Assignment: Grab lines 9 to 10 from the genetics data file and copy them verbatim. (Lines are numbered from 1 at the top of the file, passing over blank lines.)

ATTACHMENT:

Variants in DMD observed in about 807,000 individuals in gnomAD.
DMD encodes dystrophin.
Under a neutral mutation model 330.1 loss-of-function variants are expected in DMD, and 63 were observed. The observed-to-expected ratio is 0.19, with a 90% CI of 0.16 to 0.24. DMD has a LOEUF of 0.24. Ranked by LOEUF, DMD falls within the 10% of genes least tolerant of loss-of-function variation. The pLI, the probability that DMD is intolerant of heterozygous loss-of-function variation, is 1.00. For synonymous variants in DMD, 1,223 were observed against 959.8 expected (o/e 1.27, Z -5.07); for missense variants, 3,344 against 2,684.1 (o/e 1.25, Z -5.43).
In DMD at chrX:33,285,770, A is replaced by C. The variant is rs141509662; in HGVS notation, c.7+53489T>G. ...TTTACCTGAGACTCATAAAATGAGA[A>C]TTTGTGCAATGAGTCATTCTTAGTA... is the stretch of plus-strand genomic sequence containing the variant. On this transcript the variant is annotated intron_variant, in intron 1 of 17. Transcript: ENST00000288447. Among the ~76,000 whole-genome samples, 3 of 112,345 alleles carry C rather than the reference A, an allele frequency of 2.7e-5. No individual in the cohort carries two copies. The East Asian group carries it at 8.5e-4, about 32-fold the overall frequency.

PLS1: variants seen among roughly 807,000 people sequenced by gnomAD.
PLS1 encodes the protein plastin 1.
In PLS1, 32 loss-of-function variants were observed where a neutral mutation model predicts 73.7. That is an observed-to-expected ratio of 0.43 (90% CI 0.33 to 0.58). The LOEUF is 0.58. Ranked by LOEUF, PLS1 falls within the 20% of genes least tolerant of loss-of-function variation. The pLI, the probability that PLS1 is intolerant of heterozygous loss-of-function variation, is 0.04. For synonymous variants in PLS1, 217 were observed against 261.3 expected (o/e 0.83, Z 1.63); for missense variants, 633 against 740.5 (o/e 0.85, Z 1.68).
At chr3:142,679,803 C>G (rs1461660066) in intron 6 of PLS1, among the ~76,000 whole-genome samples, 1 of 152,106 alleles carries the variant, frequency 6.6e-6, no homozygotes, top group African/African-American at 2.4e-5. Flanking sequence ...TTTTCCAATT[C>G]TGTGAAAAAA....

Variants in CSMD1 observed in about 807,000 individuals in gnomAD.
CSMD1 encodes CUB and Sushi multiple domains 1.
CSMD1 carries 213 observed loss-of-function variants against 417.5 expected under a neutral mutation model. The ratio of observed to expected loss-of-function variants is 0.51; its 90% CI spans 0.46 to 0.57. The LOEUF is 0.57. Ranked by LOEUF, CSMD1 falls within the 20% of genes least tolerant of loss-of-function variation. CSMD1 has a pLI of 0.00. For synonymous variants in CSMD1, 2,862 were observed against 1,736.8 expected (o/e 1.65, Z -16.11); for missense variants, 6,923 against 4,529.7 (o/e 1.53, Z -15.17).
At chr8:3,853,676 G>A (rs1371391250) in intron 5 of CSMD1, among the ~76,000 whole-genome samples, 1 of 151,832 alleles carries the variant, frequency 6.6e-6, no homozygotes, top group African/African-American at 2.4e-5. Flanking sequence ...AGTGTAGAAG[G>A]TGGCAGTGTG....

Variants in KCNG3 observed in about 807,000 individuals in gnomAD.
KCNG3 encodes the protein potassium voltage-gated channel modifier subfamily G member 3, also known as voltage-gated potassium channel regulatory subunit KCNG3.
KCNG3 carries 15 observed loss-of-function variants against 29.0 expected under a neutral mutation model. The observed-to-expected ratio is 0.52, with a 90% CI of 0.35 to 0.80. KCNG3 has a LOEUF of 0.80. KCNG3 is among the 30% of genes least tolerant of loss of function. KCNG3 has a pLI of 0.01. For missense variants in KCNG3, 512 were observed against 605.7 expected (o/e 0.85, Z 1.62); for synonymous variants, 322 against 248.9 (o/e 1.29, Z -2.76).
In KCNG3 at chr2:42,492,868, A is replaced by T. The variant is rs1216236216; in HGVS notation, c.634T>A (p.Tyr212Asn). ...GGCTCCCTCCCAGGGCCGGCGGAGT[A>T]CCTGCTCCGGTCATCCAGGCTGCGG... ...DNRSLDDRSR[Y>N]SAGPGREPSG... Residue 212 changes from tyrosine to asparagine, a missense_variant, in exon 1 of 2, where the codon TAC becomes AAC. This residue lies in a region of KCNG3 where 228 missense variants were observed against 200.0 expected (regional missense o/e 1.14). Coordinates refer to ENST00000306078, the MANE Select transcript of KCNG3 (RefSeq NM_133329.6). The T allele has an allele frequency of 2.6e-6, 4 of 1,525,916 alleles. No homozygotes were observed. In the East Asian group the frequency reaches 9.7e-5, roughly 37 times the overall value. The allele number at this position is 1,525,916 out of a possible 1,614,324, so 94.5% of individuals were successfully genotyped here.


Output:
Variants in CSMD1 observed in about 807,000 individuals in gnomAD.
CSMD1 encodes CUB and Sushi multiple domains 1.